Correcting common misconceptions about Montessori Education

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Misconception: “Montessori is just for preschool children.”
Truth: Although most Montessori schools in the United States are preschools, Montessori programs are designed for levels from birth through high school.

Misconception: “Montessori is just for special learners—the gifted or the learning-challenged.
Truth: While the Montessori Method is highly effective with both learning-challenged and gifted learners, it is designed to ensure success for all children.

Misconception: “Montessori schools are religious”
Truth: Though some Montessori schools have a religious component to their program, the majority are independent of any religious affiliation.

Misconception: “Children are unsupervised and can do whatever they want”
Truth: The Montessori Method gives children the power of “free choice of purposeful activity.” That means the children learn how to use materials through lessons in an environment prepared by a Montessori-certified teacher. The teacher may intervene and redirect the child either to more appropriate materials or to a more appropriate use of the material only if the child is being destructive or is using materials in an inappropriate manner.

Misconception: “Montessori is a cult”
Truth: Montessori is part of mainstream education. Loyola University and New York University are two of the growing numbers of universities offering graduate-level programs in Montessori education. Montessori’s popularity in public schools increases annually.

Misconception: “Montessori is against fantasy; therefore, Montessori stifles creativity”
Truth: Instead of being against fantasy and creativity, Dr. Montessori found that children prefer activities providing practical experiences that fulfill their inner needs. The “freedom with guidance” approach to learning encourages creativity in problem-solving though fantasy play initiated by the child. This approach is considered healthy and purposeful. Additionally, art and music activities are integral parts of the Montessori classroom.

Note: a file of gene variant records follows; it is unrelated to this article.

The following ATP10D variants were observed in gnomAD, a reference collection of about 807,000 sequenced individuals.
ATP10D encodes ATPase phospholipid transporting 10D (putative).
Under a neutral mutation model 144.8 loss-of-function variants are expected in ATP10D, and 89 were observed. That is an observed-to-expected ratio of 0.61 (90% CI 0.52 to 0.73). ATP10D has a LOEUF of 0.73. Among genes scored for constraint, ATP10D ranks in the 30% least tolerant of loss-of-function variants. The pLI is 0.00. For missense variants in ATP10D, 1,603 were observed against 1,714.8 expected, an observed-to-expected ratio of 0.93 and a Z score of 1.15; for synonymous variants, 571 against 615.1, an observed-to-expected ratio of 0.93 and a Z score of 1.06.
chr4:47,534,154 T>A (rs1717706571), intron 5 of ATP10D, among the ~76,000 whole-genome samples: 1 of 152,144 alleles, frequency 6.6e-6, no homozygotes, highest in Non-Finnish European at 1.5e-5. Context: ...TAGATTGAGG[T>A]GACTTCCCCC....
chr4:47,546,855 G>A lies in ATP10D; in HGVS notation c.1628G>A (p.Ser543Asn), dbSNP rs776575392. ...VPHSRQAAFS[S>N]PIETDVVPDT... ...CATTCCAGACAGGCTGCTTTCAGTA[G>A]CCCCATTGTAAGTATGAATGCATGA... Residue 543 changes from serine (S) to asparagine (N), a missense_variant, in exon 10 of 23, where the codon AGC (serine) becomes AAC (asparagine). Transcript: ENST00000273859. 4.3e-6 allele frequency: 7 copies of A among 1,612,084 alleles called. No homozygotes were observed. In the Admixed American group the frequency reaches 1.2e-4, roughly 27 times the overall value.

Misconception: “Montessori pushes children too far, too fast”
Truth: The Montessori philosophy allows each child to develop at his/her own individual pace. Montessori teachers never push children toward anything.  Children often excel far beyond traditional expectations for their age levels simply because young children are capable of far more than what we generally expect.

Misconception: “Montessori is outdated”
Truth: Current scientific research and evaluations confirm Montessori’s insights.

Misconception: “There is no play in Montessori”
Truth: The children at the 3-to-6-year-old level do not really distinguish between work and play. Their work in the Montessori classroom is their play.

Misconception: “Montessori discourages children from working together”
Truth: Children in Montessori classrooms have a choice to work alone or in groups as long as they are not disruptive to other students.